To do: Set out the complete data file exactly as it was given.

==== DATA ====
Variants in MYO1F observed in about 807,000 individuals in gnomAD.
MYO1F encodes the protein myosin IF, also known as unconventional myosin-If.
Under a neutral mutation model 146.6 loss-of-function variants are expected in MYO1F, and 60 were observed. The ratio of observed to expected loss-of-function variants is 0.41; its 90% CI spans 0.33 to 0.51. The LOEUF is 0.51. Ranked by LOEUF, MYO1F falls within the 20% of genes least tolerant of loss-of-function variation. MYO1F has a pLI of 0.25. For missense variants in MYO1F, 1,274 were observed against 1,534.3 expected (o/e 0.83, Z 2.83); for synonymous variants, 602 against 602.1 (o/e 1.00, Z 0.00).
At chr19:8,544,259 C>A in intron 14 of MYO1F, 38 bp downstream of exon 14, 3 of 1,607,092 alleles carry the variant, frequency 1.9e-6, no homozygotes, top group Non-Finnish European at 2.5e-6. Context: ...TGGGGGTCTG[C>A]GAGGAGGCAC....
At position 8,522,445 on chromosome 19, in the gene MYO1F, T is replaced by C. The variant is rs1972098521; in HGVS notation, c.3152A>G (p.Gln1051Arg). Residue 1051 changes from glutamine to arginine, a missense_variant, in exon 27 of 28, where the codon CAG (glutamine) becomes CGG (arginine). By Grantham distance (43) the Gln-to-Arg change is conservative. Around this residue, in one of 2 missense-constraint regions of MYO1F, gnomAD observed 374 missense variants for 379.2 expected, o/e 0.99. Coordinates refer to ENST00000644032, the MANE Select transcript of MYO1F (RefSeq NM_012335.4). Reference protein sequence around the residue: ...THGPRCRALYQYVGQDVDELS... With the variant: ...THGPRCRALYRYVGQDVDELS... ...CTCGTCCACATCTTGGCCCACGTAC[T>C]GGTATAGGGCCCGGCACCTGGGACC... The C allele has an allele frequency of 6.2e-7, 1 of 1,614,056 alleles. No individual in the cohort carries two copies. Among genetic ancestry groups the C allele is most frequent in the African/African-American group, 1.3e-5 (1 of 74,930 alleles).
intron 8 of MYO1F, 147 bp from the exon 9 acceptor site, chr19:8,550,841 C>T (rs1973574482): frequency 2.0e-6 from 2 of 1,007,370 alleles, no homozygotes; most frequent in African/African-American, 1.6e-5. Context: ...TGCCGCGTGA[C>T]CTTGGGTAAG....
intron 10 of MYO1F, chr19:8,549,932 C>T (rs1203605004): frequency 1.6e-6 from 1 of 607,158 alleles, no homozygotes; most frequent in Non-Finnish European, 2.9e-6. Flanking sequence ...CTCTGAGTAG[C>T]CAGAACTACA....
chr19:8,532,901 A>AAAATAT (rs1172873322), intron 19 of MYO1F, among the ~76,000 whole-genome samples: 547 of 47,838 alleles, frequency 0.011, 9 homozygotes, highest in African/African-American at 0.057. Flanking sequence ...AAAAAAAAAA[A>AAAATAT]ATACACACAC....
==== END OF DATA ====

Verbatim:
Variants in MYO1F observed in about 807,000 individuals in gnomAD.
MYO1F encodes the protein myosin IF, also known as unconventional myosin-If.
Under a neutral mutation model 146.6 loss-of-function variants are expected in MYO1F, and 60 were observed. The ratio of observed to expected loss-of-function variants is 0.41; its 90% CI spans 0.33 to 0.51. The LOEUF is 0.51. Ranked by LOEUF, MYO1F falls within the 20% of genes least tolerant of loss-of-function variation. MYO1F has a pLI of 0.25. For missense variants in MYO1F, 1,274 were observed against 1,534.3 expected (o/e 0.83, Z 2.83); for synonymous variants, 602 against 602.1 (o/e 1.00, Z 0.00).
At chr19:8,544,259 C>A in intron 14 of MYO1F, 38 bp downstream of exon 14, 3 of 1,607,092 alleles carry the variant, frequency 1.9e-6, no homozygotes, top group Non-Finnish European at 2.5e-6. Context: ...TGGGGGTCTG[C>A]GAGGAGGCAC....
At position 8,522,445 on chromosome 19, in the gene MYO1F, T is replaced by C. The variant is rs1972098521; in HGVS notation, c.3152A>G (p.Gln1051Arg). Residue 1051 changes from glutamine to arginine, a missense_variant, in exon 27 of 28, where the codon CAG (glutamine) becomes CGG (arginine). By Grantham distance (43) the Gln-to-Arg change is conservative. Around this residue, in one of 2 missense-constraint regions of MYO1F, gnomAD observed 374 missense variants for 379.2 expected, o/e 0.99. Coordinates refer to ENST00000644032, the MANE Select transcript of MYO1F (RefSeq NM_012335.4). Reference protein sequence around the residue: ...THGPRCRALYQYVGQDVDELS... With the variant: ...THGPRCRALYRYVGQDVDELS... ...CTCGTCCACATCTTGGCCCACGTAC[T>C]GGTATAGGGCCCGGCACCTGGGACC... The C allele has an allele frequency of 6.2e-7, 1 of 1,614,056 alleles. No individual in the cohort carries two copies. Among genetic ancestry groups the C allele is most frequent in the African/African-American group, 1.3e-5 (1 of 74,930 alleles).
intron 8 of MYO1F, 147 bp from the exon 9 acceptor site, chr19:8,550,841 C>T (rs1973574482): frequency 2.0e-6 from 2 of 1,007,370 alleles, no homozygotes; most frequent in African/African-American, 1.6e-5. Context: ...TGCCGCGTGA[C>T]CTTGGGTAAG....
intron 10 of MYO1F, chr19:8,549,932 C>T (rs1203605004): frequency 1.6e-6 from 1 of 607,158 alleles, no homozygotes; most frequent in Non-Finnish European, 2.9e-6. Flanking sequence ...CTCTGAGTAG[C>T]CAGAACTACA....
chr19:8,532,901 A>AAAATAT (rs1172873322), intron 19 of MYO1F, among the ~76,000 whole-genome samples: 547 of 47,838 alleles, frequency 0.011, 9 homozygotes, highest in African/African-American at 0.057. Flanking sequence ...AAAAAAAAAA[A>AAAATAT]ATACACACAC....